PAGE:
Although driverless cars , despite what companies tell their investors, that hasn’t stopped Indian Transport minister Nitin Gadkari from declaring: "We won’t allow driverless cars in India. I am very clear on this.” His reasoning is that the technology would take away peoples jobs in a country with high unemployment. Despite our cynicism of driverless cars, it's worth pointing out that this is the same tired argument that comes about with every new technology that enters the mass market.
The TVR , T350, Cerbera, and never made it on the public roads of America not because of a feature, but because of a lack of safety features. Although the Tuscan was manufactured from 1999-2006, TVR claims that based on testing and experience, their cars are safer without things like anti-lock brakes or traction control and refused to add airbags. Whether you agree with their design philosophy or not, it ensures the brutal little British sports car’s reputation for being entertaining, willing to bite the unwary.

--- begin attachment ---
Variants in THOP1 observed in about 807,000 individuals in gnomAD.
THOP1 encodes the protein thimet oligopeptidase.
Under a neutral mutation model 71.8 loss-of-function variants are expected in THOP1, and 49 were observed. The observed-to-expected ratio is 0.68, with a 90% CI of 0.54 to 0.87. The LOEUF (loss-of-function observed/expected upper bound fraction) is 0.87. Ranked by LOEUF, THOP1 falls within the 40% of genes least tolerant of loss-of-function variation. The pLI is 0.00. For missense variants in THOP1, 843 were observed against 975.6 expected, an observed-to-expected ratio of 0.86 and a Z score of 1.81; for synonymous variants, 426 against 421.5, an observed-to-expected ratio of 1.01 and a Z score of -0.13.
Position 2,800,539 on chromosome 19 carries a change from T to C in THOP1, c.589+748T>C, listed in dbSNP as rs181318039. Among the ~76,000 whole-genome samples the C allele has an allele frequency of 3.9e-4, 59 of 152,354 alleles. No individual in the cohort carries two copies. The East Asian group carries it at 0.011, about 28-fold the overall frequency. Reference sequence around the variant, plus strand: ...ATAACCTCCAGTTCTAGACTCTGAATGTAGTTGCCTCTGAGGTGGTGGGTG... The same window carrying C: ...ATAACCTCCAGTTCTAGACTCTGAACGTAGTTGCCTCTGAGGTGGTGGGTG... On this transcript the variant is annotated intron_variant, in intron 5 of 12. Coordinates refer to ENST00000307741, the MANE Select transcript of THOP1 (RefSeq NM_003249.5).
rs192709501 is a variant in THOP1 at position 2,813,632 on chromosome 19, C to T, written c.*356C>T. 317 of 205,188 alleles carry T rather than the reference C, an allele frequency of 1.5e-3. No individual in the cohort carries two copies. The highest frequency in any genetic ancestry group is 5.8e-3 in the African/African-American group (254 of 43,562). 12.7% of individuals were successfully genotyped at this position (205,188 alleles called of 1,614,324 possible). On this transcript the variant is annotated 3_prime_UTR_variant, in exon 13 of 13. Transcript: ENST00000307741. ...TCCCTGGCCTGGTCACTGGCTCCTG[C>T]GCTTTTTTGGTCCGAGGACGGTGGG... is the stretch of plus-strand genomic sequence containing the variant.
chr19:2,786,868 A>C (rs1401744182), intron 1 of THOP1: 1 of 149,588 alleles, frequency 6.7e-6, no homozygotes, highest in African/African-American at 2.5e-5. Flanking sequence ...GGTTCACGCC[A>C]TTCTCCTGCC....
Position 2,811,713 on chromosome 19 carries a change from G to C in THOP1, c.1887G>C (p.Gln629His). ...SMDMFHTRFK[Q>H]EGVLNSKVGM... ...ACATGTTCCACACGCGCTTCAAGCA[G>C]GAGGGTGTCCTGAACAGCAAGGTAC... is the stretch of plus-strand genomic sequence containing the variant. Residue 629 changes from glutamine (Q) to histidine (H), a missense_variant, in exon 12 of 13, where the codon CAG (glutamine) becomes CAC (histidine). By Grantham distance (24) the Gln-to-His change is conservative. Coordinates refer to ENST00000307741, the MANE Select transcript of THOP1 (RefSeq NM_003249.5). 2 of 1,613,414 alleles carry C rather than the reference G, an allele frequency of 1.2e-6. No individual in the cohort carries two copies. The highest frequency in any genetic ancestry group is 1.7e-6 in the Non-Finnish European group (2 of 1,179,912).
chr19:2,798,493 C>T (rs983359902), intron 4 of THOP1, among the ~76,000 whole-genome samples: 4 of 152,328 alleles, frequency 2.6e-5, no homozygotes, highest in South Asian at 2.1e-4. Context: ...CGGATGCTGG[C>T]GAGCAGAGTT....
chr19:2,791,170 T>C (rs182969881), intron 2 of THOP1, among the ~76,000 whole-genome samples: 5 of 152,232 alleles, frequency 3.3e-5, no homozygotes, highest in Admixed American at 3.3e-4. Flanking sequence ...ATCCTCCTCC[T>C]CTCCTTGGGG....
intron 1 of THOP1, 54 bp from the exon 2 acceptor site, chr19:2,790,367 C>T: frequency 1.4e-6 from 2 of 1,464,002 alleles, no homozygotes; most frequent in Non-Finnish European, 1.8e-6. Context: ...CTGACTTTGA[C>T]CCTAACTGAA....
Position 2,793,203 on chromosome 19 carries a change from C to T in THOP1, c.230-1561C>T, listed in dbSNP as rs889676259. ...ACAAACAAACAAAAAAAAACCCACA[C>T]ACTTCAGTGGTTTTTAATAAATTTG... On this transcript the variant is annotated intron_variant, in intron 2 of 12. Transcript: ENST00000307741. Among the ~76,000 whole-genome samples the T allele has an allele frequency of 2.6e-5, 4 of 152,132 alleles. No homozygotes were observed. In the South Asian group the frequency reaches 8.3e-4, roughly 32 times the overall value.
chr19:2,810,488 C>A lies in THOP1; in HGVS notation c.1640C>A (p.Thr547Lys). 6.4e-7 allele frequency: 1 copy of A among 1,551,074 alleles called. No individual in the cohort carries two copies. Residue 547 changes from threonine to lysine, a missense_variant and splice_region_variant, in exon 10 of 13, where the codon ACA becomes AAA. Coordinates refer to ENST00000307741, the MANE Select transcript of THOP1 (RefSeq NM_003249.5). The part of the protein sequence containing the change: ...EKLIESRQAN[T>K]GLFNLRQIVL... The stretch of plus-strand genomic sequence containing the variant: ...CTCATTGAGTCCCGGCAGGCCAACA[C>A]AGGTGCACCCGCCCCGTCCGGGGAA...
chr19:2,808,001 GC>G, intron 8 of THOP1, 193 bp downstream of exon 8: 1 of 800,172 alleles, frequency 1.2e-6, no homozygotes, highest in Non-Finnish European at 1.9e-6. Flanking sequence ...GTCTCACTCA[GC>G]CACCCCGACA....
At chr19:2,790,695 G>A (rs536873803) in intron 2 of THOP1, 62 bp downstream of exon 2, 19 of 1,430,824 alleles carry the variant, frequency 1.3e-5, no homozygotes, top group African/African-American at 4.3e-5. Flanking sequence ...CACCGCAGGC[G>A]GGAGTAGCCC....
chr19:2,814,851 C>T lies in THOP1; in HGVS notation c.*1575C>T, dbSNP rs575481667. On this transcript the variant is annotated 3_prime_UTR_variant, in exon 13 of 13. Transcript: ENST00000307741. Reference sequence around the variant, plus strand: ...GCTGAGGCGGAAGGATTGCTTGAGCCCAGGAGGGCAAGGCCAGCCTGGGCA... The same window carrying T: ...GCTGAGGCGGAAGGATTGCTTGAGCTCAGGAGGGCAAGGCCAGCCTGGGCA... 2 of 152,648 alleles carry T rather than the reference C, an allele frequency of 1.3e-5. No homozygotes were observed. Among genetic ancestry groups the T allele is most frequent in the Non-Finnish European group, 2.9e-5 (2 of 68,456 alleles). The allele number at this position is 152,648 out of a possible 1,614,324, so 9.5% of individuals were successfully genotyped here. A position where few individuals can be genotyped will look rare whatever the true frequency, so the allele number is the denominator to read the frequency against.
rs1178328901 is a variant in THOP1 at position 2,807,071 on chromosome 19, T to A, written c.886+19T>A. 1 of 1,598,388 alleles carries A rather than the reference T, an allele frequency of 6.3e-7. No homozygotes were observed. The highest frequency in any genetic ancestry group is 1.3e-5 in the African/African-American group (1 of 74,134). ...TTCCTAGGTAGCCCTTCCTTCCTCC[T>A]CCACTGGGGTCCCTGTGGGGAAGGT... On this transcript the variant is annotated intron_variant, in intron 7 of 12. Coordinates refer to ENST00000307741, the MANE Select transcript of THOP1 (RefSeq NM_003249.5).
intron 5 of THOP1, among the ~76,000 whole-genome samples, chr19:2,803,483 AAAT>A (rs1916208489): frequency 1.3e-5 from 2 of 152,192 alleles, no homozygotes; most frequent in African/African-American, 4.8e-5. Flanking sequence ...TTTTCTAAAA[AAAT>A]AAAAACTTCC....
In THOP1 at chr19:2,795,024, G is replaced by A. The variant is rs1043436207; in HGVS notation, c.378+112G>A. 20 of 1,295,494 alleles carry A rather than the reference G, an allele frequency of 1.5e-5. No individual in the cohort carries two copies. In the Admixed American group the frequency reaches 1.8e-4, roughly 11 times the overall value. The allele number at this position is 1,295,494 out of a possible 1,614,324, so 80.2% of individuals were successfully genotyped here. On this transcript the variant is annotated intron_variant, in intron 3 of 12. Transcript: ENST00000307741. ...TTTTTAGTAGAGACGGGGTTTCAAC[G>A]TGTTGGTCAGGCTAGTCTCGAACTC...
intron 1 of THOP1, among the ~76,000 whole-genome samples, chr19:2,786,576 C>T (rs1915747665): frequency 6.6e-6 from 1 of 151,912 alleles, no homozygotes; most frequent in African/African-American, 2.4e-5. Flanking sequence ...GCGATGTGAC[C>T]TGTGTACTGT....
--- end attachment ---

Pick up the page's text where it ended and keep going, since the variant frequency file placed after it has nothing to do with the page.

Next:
You read that correctly. Back in 2015, Turkmenistan officials banned all black cars from the Central Asian country’s capital and then banned the import of black cars into the country. They , with citizens waking up to find their cars gone and a notice stating the only way to get them back was to sign a document saying they will repaint their cars either white or a similar light color. Of course, almost immediately paint shops in the city doubled the cost of resprays.
Why? Apparently, it’s because President Gurbanguly Berdymukhammedov, which is more fun to try and say than type, is incredibly superstitious and white is traditionally considered the color that brings luck. The capital city is known as the ‘City of White Marble’ and the president travels around in white luxury cars. By all accounts, his administration is very repressive and the black car thing is just the tip of the iceberg.